According to another operator from northern Italy, there is less ginger coming into Italy than usual, and what is there is quite expensive. Now the product comes mainly from South America and is not cheap. There is a shortage of ginger from China, which usually normalises prices. In consumer shops you can find conventional Peruvian ginger at 6 €/kg or organic ginger at 12 €/kg. A major arrival of ginger from China is not yet expected to bring down current prices.

South Africa: Cyclone Freddy causes ginger shortage
In February and March this year, Cyclone Freddy the longest-lived tropical storm ever (lasting over 5 weeks!) caused severe flooding and the ginger market now sees its result on the ginger crop grown in the northeast of South Africa and in Mozambique.

Ginger is very scarce, says a ginger trader at Johannesburg market, and not only the rhizomes for consumption but the plant material too – with the heavy rains and a prolonged period of waterlogged soils, ginger growers had lost their propagation crop too.

Fresh ginger is selling for very high prices: “For 5kg I’d say about R450 [22.4 euros], that R80 [4 euros] per kilo.”

The large South African retailers are reportedly also short on ginger.

The market agent wonders whether he will have ginger beyond November. Ginger is primarily commercially grown around Hazyview and Kiepersol, Mpumalanga.

Importing ginger from China has become more expensive than it used to be; post-Covid, China consumes more ginger. South Africa usually imports ginger from China and Thailand.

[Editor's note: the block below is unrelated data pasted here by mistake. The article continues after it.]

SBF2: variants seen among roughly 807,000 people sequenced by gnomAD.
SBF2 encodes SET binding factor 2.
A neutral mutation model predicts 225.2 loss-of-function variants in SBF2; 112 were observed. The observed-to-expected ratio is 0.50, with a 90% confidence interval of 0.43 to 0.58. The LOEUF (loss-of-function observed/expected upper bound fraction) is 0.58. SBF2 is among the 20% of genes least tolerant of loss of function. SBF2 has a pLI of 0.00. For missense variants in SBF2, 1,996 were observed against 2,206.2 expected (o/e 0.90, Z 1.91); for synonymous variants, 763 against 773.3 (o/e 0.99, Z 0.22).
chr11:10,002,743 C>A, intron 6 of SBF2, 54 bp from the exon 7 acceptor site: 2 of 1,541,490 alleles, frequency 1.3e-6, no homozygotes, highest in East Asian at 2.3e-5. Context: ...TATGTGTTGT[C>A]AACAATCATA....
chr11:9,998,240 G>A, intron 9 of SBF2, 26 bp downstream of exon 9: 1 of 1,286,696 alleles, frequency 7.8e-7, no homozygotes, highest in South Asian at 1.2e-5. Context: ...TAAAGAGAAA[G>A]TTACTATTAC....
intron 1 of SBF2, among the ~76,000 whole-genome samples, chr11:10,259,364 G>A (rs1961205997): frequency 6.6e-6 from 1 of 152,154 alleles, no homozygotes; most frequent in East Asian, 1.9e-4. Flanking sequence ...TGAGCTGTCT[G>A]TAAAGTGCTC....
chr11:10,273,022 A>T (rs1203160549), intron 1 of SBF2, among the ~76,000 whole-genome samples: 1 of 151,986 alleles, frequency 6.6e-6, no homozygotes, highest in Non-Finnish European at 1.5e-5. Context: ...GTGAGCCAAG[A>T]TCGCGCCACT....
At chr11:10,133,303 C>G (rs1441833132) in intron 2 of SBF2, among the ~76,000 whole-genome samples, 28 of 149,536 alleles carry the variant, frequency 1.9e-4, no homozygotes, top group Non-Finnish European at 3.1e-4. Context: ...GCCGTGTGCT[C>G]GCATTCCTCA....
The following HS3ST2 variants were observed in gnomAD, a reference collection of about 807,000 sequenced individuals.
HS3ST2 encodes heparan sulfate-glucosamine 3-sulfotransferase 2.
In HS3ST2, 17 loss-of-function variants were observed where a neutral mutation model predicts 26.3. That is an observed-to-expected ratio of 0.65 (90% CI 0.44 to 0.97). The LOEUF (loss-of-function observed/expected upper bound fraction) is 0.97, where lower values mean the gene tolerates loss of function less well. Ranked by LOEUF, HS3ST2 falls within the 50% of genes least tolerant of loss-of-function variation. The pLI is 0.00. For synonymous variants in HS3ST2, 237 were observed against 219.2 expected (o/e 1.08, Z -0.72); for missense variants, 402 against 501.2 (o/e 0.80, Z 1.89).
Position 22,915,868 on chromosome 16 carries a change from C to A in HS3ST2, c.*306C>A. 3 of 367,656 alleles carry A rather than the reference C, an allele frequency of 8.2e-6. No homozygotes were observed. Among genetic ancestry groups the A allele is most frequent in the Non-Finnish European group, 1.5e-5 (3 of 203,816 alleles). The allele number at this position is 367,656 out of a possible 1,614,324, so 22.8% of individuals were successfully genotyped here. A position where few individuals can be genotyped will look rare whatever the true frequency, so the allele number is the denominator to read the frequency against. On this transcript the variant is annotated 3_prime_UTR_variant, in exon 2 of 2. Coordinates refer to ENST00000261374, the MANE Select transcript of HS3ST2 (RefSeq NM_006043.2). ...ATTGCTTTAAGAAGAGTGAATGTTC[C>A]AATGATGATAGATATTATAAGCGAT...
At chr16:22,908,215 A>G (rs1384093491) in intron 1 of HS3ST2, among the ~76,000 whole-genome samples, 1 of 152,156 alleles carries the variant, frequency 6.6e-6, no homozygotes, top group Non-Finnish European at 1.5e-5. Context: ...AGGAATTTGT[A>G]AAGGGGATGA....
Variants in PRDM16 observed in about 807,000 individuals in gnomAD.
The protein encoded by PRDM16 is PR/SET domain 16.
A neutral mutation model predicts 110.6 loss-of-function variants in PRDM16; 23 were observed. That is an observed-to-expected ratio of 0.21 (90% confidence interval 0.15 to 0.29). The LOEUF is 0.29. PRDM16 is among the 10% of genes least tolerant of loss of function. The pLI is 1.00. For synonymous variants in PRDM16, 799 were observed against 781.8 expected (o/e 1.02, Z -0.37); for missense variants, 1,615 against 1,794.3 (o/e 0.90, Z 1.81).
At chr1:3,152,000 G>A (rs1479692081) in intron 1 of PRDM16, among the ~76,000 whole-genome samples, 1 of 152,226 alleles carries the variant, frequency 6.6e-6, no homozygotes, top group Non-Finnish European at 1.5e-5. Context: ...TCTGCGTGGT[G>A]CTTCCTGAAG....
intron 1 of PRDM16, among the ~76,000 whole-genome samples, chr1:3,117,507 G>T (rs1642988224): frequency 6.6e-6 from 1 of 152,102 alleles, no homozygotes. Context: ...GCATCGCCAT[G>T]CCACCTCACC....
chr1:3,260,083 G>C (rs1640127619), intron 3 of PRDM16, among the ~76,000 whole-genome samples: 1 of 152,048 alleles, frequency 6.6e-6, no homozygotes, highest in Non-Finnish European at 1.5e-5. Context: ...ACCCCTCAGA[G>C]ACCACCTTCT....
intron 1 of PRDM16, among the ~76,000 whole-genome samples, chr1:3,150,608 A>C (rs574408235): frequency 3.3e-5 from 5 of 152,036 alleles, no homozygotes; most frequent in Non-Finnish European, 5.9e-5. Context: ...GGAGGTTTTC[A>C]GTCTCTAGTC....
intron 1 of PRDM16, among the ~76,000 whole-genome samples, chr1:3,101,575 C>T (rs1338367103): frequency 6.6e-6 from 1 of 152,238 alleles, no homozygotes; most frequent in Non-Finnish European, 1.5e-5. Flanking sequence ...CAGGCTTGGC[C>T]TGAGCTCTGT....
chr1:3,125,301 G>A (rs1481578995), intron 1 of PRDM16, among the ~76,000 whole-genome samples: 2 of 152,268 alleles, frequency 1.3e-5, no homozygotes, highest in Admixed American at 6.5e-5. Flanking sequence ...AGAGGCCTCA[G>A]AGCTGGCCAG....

North America: Can ginger pricing stay strong?
The Brazilian ginger season is underway with reduced volumes this year. One shipper just received its second batch of containers of ginger this week and says the season should go until late November-December. “The season was delayed because nobody wanted to ship too early and have quality issues, especially with product that’s much more expensive than in the past,” says the shipper.

In turn, pricing has reached over $30 FOB Brazil. Last year at this time, pricing was at $16-$18 FOB. “The growers raised the prices because of the low supply,” says the shipper, noting that demand is steady right now but should pick up in September.

Peru is also shipping ginger currently, though shipments could possibly reduce in the next few weeks which means pricing could reach the high $20s, up from the $21-$22 that Peruvian pricing is currently at. China is also shipping ginger though how much is a mystery. Pricing for Chinese ginger is also higher than pricing on Brazilian or Peruvian ginger

Peru: Peruvian ginger destroyed in Germany
Ginger shipments from Junín, Peru, have been incinerated in Germany due to bacterium Ralstonia solanacearum found in ginger shipments.

A producer and exporter stated that the European Union is conducting more frequent analyses, and he fears if the detection of Ralstonia continues, it could result in sanctions, market restrictions, and ultimately the closure of the market for Peruvian ginger.

SENASA, Peru's National Agrarian Health Service, has issued a letter to ginger packers with specific instructions to not include ginger from unknown origin in shipments and to refrain from accepting ginger from washers.

He warns supermarkets and wholesalers to make sure they buy ginger from reputable and verifiable exporters who do not source from the many washers who are believed to be unregistered. He stated while the Peruvian authorities only authorised about 40 pack houses there’s reportedly 100 who are exporting ginger.

For the next two weeks, we will be taking a break. We will return on August 11 with Global Market Overview Potatoes!